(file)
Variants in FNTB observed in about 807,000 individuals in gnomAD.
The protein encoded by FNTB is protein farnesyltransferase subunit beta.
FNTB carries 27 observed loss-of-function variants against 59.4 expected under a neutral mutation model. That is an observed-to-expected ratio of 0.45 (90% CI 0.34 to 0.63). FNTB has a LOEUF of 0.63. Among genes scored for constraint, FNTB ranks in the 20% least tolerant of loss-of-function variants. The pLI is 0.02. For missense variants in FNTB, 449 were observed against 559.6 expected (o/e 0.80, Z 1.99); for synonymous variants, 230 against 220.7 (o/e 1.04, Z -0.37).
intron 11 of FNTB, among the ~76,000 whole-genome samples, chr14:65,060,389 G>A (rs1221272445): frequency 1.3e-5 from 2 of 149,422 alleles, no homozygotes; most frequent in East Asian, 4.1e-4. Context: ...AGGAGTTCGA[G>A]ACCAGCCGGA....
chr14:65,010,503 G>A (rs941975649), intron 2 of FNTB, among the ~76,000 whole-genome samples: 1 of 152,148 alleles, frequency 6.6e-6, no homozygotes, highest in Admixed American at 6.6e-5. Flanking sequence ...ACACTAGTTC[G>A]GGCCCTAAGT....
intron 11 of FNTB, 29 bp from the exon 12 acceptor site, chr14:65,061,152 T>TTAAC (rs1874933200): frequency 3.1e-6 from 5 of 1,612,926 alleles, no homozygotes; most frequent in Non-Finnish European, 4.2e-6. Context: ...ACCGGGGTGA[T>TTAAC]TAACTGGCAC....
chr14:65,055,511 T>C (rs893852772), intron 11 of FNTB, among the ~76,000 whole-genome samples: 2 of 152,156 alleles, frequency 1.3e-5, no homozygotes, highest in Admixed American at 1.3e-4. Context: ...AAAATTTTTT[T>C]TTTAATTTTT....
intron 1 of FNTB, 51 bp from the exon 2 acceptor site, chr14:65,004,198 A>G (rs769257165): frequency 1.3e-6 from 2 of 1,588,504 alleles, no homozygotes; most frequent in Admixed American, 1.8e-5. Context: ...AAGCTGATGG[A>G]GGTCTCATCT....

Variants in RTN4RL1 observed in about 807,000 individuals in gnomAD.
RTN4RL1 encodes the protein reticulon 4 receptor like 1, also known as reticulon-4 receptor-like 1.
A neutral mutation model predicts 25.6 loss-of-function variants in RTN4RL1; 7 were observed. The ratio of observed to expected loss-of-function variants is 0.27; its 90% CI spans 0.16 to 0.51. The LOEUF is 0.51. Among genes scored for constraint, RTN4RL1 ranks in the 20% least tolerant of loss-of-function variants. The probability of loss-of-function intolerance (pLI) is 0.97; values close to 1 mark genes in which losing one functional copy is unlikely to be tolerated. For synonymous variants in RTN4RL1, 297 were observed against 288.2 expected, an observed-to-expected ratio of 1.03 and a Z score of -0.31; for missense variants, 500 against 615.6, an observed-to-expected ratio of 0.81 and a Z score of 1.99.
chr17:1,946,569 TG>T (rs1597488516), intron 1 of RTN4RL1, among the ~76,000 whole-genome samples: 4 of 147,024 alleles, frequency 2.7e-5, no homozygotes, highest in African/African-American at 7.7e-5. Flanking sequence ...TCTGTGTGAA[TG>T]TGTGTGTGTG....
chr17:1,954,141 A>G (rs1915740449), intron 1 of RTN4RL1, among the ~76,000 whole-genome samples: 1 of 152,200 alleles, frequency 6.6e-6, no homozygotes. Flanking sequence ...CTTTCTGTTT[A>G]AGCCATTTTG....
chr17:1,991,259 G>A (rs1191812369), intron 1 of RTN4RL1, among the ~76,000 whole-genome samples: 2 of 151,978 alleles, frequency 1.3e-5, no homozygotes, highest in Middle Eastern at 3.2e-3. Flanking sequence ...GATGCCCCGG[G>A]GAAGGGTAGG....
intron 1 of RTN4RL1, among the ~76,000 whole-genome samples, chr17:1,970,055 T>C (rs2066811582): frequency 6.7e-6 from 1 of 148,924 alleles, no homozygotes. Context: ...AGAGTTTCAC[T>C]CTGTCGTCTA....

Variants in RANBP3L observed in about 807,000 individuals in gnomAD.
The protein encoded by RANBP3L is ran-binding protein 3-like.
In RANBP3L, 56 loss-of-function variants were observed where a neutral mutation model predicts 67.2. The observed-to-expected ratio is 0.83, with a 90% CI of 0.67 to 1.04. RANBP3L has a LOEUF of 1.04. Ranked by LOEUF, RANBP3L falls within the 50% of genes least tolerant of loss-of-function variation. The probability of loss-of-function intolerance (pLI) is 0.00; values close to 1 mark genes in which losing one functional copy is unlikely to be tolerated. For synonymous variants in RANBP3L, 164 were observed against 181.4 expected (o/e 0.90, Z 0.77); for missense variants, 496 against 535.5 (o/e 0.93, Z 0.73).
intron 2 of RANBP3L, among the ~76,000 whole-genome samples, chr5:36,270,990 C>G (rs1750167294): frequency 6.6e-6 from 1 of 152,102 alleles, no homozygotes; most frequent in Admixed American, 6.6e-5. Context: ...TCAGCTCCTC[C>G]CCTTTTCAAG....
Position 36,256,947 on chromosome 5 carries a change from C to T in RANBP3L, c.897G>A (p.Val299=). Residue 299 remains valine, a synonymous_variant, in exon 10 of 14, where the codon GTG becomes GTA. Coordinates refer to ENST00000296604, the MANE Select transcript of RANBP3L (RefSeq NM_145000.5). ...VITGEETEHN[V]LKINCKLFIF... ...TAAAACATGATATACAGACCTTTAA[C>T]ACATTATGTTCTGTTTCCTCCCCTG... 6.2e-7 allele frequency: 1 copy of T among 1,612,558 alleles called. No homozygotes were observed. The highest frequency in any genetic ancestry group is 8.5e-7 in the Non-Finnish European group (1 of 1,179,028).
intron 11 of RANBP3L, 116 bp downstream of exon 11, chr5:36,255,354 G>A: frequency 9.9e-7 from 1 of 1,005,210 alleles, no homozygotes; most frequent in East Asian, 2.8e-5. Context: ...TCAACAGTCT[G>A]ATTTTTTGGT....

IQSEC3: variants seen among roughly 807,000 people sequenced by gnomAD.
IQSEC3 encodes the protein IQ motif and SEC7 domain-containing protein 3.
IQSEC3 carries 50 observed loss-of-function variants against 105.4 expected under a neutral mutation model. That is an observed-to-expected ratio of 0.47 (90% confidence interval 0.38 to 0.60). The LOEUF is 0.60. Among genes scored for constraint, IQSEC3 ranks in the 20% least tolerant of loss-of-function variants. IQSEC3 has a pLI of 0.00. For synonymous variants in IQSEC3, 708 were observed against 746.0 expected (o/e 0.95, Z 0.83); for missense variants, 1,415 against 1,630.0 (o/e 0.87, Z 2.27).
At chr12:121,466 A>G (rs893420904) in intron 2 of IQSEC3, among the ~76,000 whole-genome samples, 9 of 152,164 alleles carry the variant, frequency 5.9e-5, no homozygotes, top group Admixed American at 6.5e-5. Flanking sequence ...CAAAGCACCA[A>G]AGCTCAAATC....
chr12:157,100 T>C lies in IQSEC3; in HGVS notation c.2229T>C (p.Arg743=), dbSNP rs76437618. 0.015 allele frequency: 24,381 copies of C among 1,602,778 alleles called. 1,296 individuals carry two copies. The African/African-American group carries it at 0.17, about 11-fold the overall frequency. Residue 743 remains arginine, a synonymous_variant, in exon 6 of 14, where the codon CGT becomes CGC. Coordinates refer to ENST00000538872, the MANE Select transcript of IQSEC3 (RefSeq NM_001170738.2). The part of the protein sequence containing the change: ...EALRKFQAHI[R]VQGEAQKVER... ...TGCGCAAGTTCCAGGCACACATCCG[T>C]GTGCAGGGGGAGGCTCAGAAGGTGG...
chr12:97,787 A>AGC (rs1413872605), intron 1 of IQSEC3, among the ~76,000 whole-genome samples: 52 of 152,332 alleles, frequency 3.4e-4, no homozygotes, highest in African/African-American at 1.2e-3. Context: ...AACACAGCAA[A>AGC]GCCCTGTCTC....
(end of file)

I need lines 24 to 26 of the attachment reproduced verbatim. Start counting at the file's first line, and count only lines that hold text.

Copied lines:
IQSEC3 carries 50 observed loss-of-function variants against 105.4 expected under a neutral mutation model. That is an observed-to-expected ratio of 0.47 (90% confidence interval 0.38 to 0.60). The LOEUF is 0.60. Among genes scored for constraint, IQSEC3 ranks in the 20% least tolerant of loss-of-function variants. IQSEC3 has a pLI of 0.00. For synonymous variants in IQSEC3, 708 were observed against 746.0 expected (o/e 0.95, Z 0.83); for missense variants, 1,415 against 1,630.0 (o/e 0.87, Z 2.27).
At chr12:121,466 A>G (rs893420904) in intron 2 of IQSEC3, among the ~76,000 whole-genome samples, 9 of 152,164 alleles carry the variant, frequency 5.9e-5, no homozygotes, top group Admixed American at 6.5e-5. Flanking sequence ...CAAAGCACCA[A>G]AGCTCAAATC....
chr12:157,100 T>C lies in IQSEC3; in HGVS notation c.2229T>C (p.Arg743=), dbSNP rs76437618. 0.015 allele frequency: 24,381 copies of C among 1,602,778 alleles called. 1,296 individuals carry two copies. The African/African-American group carries it at 0.17, about 11-fold the overall frequency. Residue 743 remains arginine, a synonymous_variant, in exon 6 of 14, where the codon CGT becomes CGC. Coordinates refer to ENST00000538872, the MANE Select transcript of IQSEC3 (RefSeq NM_001170738.2). The part of the protein sequence containing the change: ...EALRKFQAHI[R]VQGEAQKVER... ...TGCGCAAGTTCCAGGCACACATCCG[T>C]GTGCAGGGGGAGGCTCAGAAGGTGG...